Caitlyn Saddington - Cheshire’s national dressage champion
- Credit: Pics; John Cocks
A rare degenerative condition isn’t forcing Alsager teenager Caitlyn Saddington to rein in her ambitions.
The next Paralympics are taking place in Tokyo in 2020 and dressage rider, Caitlyn Saddington, 17, doesn’t want to say she’s confident she will be there but she’s already developing a taste for sushi! Of course, it’s not just a random ambition: Caitlyn has already won the Winter Para Dressage National Championship earlier this year.
‘I believe in aiming high,’ laughs Caitlyn who, when she was ten, was diagnosed with Friedriech’s Ataxia – a very rare neuro muscular degenerative condition – which affects the heart, eyesight, muscles and ability to walk. She received her diagnosis on the day the 2012 Paralympics began although at that point, she had never even sat on a horse and certainly never dreamed she would be hoping to compete in 2020.
‘Swimming was my thing. I still enjoy it and although my mum Alison had done some riding when she was about my age, at that point I had never imagined riding, let alone winning a national competition. It wasn’t until I began to suffer with curvature of the spine, a couple of years after my diagnosis, that mum thought there could be no harm in trying riding as an alternative therapy. So, we went along to the Riding for the Disabled Association,’ explains Caitlyn who soon found she loved dressage, had a natural ability for it, quickly won a regional competition and, as a bonus, discovered that the curve of her spine began to reduce slightly.
No surprise then that Caitlyn was determined to go as far as she could and despite being told that dressage was notoriously difficult for para riders, she looked for an instructor who would be able to help her realise her ambitions. Luckily, she found Olivia Voce of Long Style Stud, near Alsager, who instantly believed in her.
Olivia is an experienced and very successful dressage rider, a member of Team GB and a respected trainer but she soon discovered that the world of para dressage has its own particular rules; including the fact that, as the field is so small, young riders compete against adults.
‘There has been a lot to learn! There are five official grades of disabled rider and accommodations are made within each grade. Caitlyn has been diagnosed as Grade One, the highest level of impairment. This means her mum can be her commander, going into the arena, reading Caitlyn each movement at a time. She is also allowed two whips, can wear strap stirrups and have looped reigns. Mind you, none of us knew all this when we began and it was while before the penny dropped and we actually asked why some competitors had looped straps,’ explains Olivia.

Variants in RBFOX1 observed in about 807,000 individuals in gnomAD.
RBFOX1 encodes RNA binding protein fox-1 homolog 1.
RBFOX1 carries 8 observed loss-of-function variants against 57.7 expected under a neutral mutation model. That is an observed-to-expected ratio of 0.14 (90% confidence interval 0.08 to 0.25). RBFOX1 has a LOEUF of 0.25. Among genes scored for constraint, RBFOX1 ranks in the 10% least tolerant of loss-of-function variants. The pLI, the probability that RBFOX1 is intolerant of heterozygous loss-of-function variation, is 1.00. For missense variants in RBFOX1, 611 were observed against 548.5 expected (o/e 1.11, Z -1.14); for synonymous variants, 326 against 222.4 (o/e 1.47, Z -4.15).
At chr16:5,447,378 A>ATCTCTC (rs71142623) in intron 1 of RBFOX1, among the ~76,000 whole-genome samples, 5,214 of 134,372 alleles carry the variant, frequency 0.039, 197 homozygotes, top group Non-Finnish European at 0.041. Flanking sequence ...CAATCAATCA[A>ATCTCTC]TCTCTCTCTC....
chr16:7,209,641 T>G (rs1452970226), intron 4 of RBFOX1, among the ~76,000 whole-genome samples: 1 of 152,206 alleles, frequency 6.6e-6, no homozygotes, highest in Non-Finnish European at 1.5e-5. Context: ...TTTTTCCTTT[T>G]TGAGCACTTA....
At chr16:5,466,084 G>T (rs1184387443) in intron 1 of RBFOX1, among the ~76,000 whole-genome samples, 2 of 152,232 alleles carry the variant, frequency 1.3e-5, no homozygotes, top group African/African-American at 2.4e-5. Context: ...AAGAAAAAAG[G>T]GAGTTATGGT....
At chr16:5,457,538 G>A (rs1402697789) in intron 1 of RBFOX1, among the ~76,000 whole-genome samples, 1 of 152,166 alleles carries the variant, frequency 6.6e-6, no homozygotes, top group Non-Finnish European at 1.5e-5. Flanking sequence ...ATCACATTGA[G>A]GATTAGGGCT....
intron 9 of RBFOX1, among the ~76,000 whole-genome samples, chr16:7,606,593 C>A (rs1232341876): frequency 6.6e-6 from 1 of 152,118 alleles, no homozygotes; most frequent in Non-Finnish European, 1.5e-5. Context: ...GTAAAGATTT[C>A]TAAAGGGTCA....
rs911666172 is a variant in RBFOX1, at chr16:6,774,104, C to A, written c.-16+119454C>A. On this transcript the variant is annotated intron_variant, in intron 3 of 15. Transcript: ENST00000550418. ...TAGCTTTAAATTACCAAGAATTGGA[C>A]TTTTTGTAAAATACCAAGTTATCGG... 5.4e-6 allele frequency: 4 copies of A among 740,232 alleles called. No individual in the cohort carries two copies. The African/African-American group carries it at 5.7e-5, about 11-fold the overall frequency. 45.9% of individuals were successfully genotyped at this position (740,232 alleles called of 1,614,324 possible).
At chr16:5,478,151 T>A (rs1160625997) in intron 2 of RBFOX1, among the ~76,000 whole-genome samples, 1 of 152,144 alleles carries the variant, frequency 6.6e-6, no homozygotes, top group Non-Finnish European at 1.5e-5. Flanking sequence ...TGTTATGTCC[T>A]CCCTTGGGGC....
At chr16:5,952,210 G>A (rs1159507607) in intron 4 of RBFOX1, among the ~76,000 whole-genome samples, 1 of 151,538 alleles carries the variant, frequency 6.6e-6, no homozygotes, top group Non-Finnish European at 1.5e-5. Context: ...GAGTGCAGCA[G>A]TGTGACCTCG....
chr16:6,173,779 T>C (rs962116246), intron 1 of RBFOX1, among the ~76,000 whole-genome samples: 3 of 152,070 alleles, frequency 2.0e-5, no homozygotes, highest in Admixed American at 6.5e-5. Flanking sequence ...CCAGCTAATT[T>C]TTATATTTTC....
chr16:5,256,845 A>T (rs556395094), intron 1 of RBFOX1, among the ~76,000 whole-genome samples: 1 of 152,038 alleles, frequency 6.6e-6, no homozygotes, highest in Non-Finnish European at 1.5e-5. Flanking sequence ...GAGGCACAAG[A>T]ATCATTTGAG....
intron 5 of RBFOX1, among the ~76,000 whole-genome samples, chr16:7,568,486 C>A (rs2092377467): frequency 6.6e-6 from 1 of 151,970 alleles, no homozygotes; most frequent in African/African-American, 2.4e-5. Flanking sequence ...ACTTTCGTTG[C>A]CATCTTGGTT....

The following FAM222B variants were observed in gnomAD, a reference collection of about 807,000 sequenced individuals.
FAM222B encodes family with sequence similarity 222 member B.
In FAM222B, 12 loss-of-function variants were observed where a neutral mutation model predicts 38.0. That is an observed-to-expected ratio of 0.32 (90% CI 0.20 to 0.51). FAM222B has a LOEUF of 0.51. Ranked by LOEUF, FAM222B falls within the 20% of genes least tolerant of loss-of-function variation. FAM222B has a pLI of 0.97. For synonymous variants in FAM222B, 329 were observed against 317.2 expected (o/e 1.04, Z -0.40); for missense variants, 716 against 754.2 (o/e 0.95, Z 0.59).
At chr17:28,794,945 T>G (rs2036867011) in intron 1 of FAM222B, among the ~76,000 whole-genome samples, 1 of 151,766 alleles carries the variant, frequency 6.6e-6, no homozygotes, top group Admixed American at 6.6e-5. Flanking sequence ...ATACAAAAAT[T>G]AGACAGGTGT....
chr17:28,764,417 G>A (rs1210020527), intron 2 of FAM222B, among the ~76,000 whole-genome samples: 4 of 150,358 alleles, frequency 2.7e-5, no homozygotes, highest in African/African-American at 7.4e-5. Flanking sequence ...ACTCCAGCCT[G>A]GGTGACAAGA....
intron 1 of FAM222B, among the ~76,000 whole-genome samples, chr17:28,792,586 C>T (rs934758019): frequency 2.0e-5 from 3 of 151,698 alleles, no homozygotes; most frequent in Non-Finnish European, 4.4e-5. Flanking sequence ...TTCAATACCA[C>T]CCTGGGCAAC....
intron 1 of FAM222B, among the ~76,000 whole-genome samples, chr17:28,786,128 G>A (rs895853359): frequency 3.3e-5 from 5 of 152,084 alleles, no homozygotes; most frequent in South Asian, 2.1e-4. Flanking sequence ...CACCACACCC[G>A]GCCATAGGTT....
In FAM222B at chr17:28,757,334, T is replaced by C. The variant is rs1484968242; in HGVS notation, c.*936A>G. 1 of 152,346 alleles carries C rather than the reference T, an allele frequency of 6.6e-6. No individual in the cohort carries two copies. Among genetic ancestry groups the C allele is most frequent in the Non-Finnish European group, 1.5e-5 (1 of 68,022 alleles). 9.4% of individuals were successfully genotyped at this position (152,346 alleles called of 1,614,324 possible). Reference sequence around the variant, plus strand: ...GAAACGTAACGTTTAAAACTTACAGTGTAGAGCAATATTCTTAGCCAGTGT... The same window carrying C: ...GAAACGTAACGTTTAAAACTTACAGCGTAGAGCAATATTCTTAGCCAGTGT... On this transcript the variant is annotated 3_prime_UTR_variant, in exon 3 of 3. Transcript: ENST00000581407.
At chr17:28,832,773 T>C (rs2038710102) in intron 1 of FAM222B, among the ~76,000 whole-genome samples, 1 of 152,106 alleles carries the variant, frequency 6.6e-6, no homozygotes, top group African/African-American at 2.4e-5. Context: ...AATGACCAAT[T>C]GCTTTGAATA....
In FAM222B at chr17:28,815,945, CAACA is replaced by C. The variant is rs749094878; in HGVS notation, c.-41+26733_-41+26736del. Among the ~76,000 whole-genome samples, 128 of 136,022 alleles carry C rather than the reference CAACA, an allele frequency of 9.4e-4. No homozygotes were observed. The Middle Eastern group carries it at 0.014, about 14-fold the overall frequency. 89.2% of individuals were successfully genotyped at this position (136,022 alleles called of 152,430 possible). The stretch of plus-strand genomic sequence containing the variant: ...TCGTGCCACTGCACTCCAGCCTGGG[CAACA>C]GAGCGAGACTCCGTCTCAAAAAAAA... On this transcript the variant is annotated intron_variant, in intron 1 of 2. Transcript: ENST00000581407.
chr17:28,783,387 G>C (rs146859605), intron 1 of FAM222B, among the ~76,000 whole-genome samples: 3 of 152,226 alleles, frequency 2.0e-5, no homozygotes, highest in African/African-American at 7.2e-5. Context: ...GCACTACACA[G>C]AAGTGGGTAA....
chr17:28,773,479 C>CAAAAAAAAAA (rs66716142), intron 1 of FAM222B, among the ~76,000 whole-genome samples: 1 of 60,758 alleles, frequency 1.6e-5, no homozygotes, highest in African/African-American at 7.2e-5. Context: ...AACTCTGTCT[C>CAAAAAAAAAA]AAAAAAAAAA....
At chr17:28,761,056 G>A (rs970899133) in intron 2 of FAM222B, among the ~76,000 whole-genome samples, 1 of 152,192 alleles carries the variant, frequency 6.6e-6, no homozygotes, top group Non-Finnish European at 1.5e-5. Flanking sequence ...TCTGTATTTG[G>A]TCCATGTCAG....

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Sometimes though, Olivia does have to wait for Caitlyn to let her know that a physicality may have deteriorated.
‘Yes, mum and Olivia sometimes do get a bit frustrated with me. For example, my hearing was becoming worse but I didn’t immediately tell them. When I did, they resolved it by getting me headphones through which I could hear them: unfortunately, they’re one way and I can’t speak back. They’re pretty happy about that aspect,’ smiles Caitlyn who, with her mum and Olivia view each new difficulty as a challenge, not a problem.
Caitlyn’s eyesight has recently deteriorated and she can now only see a metre past the horse’s ears, making it difficult to see markers, but they’re all confident they will find a way around it.
Caitlyn rides two horses, Dreamallo and Nirvano Morroko, and she added: ‘I won the Winter National with Roko – to give him his stable name – but I absolutely adore them both. Mind you, when I first saw Roko I gulped a bit as he is 15 hands, with a very big movement and I’d never been on a horse that big. We trust each other completely although, that said, I don’t know if he quite trusts my taste in music: after all, for our freestyle, we performed to ‘Hit Me Baby One More Time’ by Britney Spears!
Caitlyn has already made a splash in the para equestrian world but her Facebook and Twitter accounts have followers from horse lovers all over the UK and, in a bid to share responsibility for her music choices, she is inviting followers to suggest suitable music for her next competition, The Summer Para Dressage National.
‘Obviously, it has to suit our routine but Roko is hopeful that followers might have better musical taste,’ laughs Caitlyn.
Luckily, Roko and Remy – Dreamallo’s stable name – both enjoy travelling, as para dressage events and competitions tend to be dotted all over the country.
‘I enjoy it too, but my condition does mean that I tire and I have to be kept very warm both travelling and when performing. There are heated jackets available – what a fabulous invention – but travelling is expensive and that’s the priority right now.
‘Luckily, I do have some sponsors, including Ashbrook Equine Hospital but it’s great when people donate or send a kind message. It makes me feel connected and that people are rooting for me. It’s pretty heart-warming, so maybe I don’t need that heated jacket after all,’ laughs Caitlyn who, as she has ridden her way to Winter National Para Dressage Champion just five years after first sitting on a horse, is possibly right to start to start developing that taste for sushi!